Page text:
Who Makes the Army’s ‘Best Squad’? Soldiers From 12 Commands Compete This Week at Fort Bragg

September 28, 2022Jenna Biter
best squad competition

Staff Sgt. Joshua Mubarak, a fire support specialist assigned to 25th Infantry Division, deadlifts 340 pounds on July 19 at Schofield Barracks, Hawaii, during the Army Combat Fitness Test for the 2022 Army Pacific Best Squad Competition. Army photo by Pfc. Mariah Aguilar, 25th Infantry Division.

Twelve teams of soldiers, ranging from infantry grunts stationed in Hawaii to intelligence troops from Virginia, will face off at Fort Bragg, starting Thursday, Sept. 29, in the Army's first service-wide Best Squad competition.

The competition begins early Thursday morning with the Army's new physical assessment, the Army Combat Fitness Test, which includes a 2-mile run, pushups, and a three-rep maximum deadlift.

After the fitness test, soldiers will spend much of the rest of the day on a land-navigation course.

Over the eight total days at Fort Bragg, a dozen five-person squads, each representing a different Army command, will participate in events that include a 12-mile foot march, an obstacle course, and a stress shoot.

best squad competition

Spc. Marcus Grant, assigned to US Army Japan, looks through his compass July 18, 2022, at Lightning Academy, Hawaii, during the land-navigation portion of the 2022 Army Pacific Best Squad Competition. US Army photo by Pfc. Mariah Aguilar.

Each squad will have the same basic makeup: five enlisted troops, including a squad leader, who is a sergeant first class or staff sergeant; a team leader, who is a sergeant or corporal; and three junior soldiers.

Events at Fort Bragg will wrap on Oct. 5, then move on to a nonfield — but in some ways more intimidating — finale. The top four squads will travel to Washington, DC, for face-to-face review-board-style interviews at the Pentagon with a panel of sergeant majors from across the Army, including Sgt. Maj. of the Army Michael Grinston.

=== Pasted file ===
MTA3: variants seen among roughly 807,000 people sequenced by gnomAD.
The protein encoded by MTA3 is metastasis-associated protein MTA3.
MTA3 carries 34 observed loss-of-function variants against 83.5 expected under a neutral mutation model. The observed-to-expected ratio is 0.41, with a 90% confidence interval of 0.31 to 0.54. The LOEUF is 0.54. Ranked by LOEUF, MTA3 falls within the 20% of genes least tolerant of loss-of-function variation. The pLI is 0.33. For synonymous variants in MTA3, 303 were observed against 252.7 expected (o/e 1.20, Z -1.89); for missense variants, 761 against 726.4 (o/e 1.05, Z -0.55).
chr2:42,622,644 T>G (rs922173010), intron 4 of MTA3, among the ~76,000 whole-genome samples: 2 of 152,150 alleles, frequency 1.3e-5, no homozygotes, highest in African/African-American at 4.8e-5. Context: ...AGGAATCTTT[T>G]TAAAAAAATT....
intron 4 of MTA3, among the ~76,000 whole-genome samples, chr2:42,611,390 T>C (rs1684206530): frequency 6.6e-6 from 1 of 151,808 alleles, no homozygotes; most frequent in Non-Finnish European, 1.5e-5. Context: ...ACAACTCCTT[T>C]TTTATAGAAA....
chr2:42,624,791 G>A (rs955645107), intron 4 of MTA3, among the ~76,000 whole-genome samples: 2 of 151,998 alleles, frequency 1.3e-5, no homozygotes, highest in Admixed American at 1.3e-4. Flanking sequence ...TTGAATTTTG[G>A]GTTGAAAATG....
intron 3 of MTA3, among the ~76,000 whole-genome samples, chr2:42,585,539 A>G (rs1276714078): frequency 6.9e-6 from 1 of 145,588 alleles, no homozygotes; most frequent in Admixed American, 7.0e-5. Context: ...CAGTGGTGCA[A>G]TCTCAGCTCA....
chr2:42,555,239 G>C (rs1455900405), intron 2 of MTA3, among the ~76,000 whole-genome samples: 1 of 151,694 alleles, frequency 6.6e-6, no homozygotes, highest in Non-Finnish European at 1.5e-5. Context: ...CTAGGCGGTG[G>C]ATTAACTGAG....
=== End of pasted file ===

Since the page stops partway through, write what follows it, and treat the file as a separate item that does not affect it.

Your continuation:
From the top four squads, the board will select the best squad as well as the best noncomissioned officer, or NCO, and the best soldier of the year.

Unlike similar competitions around the Army in which scores are kept throughout, the squads won’t know for sure who's leading the competition until the final results are announced, Pentagon planner Sgt. Maj. Phil Blaisdell told Coffee or Die Magazine.

"No one will know," Blaisdell said. "I know like Best Ranger, they post scores on social media and everything. We're not doing that."

best squad competition

The Army Pacific command 2022 Best Squad Competition winners — from left, Staff Sgt. Angel Dinsmore, Sgt. Justin Pitts, Spc. Alexander Ralph Holmes, Spc. Logan Michael Dornon, and Spc. Jonathan Renfro — stand for a group photo with their awards at Schofield Barracks, Hawaii, August 29, 2022. US Army photo by Spc. Joshua Oller.

To reach the Fort Bragg finals, each squad had to win a series of competitions, from the brigade level all the way up through command, Blaisdell said. The finals will be each team's fifth competition of the year.

In late July, a squad stationed at Schofield Barracks, Hawaii, from the 25th Infantry Division, won its ticket to the finals to represent US Army Pacific command, or USARPAC. Squads from other geographically-based commands will come from Europe and Africa and the Military District of Washington.

After three days of challenges in August, a squad from the 1st Information Operations Command clinched its place in the finals to represent Cyber Command. Other operational commands sending teams include Forces, Training and Doctrine, Materiel, Special Operations, Futures, and Medical.

The National Guard and Reserve will also send teams.

Grinston will announce the winning squad at the Association of the United States Army, or AUSA, Annual Meeting and Exposition in Washington, DC, on Oct. 12.

Read Next: Army ‘Best Squad’ Competitors Face Shooting, Ruck Marches, and a Pentagon Review Board

Jenna Biter
Jenna Biter

Jenna Biter is a staff writer at Coffee or Die Magazine. She has a master’s degree in national security and is a Russian language student. When she’s not writing, Jenna can be found reading classics, running, or learning new things, like the constellations in the night sky. Her husband is on active duty in the US military. Know a good story about national security or the military? Email Jenna.

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